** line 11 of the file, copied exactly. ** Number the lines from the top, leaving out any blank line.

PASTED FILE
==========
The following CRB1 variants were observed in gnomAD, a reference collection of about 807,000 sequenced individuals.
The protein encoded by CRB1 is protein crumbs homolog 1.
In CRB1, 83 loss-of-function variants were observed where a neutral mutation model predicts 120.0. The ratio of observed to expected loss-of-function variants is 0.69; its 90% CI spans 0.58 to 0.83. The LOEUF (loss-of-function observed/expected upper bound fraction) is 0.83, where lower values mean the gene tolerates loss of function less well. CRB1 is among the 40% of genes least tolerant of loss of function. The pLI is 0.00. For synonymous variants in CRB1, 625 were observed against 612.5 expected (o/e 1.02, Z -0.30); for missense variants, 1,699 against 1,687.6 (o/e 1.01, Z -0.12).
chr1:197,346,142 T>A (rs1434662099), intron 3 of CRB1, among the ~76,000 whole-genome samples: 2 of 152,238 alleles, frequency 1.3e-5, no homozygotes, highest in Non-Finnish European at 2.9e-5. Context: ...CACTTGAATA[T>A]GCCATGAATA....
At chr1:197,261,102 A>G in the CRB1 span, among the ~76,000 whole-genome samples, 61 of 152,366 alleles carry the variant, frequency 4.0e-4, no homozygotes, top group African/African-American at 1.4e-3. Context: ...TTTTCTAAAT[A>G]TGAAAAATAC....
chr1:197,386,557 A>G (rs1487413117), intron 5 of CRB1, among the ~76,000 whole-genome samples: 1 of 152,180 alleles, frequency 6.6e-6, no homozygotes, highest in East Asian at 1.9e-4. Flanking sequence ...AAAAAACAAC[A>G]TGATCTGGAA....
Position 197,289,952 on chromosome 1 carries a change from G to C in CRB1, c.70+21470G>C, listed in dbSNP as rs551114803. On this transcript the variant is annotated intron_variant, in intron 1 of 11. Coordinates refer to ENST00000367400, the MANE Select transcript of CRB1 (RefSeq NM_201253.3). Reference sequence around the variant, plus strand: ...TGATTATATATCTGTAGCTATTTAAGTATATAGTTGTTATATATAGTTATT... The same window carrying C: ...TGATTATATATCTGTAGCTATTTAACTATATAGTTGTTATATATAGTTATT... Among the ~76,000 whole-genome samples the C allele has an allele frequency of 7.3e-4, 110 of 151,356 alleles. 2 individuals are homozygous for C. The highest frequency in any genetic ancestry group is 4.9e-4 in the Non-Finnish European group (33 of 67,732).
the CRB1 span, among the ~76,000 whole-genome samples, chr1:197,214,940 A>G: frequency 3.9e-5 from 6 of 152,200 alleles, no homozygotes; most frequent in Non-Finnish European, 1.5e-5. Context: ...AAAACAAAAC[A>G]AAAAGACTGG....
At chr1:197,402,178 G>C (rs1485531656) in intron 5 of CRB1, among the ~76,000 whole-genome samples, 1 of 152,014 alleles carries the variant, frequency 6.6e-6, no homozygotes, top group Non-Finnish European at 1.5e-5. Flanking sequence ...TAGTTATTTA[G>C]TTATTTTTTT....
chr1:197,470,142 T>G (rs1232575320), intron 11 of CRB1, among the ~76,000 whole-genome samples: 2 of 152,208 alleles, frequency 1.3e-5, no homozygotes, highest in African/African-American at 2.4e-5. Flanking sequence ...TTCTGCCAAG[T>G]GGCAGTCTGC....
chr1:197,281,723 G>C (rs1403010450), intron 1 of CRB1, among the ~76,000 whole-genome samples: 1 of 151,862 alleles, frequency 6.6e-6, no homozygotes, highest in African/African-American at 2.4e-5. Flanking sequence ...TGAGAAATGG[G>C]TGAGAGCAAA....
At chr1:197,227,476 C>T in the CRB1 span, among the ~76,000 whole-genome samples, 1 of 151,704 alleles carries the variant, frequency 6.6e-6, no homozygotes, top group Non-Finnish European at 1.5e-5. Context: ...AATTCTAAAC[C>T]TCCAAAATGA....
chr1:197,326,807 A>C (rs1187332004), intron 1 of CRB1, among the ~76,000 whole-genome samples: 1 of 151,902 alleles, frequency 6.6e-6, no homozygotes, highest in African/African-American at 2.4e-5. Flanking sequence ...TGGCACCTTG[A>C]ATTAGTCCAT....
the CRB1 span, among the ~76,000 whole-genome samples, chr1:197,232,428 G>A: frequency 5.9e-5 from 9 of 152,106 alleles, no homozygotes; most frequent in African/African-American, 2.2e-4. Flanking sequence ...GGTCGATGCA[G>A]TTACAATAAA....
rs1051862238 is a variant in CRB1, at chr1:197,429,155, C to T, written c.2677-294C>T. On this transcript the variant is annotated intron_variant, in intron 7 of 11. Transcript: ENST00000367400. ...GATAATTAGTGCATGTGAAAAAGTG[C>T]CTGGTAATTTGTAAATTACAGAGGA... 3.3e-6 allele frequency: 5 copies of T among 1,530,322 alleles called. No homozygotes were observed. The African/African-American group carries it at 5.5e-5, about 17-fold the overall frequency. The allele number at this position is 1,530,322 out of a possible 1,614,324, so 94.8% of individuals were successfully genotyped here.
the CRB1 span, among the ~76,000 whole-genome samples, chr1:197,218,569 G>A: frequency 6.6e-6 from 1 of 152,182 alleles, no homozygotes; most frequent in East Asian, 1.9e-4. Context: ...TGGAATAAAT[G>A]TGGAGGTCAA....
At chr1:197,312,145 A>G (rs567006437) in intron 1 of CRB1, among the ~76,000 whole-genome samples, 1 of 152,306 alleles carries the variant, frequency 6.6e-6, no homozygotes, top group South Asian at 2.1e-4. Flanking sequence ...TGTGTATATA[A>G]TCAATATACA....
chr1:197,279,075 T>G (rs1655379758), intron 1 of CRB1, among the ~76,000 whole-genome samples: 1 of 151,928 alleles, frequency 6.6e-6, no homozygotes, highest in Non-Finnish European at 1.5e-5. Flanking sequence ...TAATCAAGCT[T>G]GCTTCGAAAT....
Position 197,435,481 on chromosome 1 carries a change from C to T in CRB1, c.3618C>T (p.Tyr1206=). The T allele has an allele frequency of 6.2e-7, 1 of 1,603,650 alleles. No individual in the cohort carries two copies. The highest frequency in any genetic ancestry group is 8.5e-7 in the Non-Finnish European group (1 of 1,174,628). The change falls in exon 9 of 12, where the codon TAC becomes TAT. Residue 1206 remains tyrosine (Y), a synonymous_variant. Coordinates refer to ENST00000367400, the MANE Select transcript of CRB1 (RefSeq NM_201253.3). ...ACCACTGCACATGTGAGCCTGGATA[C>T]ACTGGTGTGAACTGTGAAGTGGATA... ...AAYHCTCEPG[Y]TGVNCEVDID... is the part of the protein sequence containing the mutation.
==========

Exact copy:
chr1:197,281,723 G>C (rs1403010450), intron 1 of CRB1, among the ~76,000 whole-genome samples: 1 of 151,862 alleles, frequency 6.6e-6, no homozygotes, highest in African/African-American at 2.4e-5. Flanking sequence ...TGAGAAATGG[G>C]TGAGAGCAAA....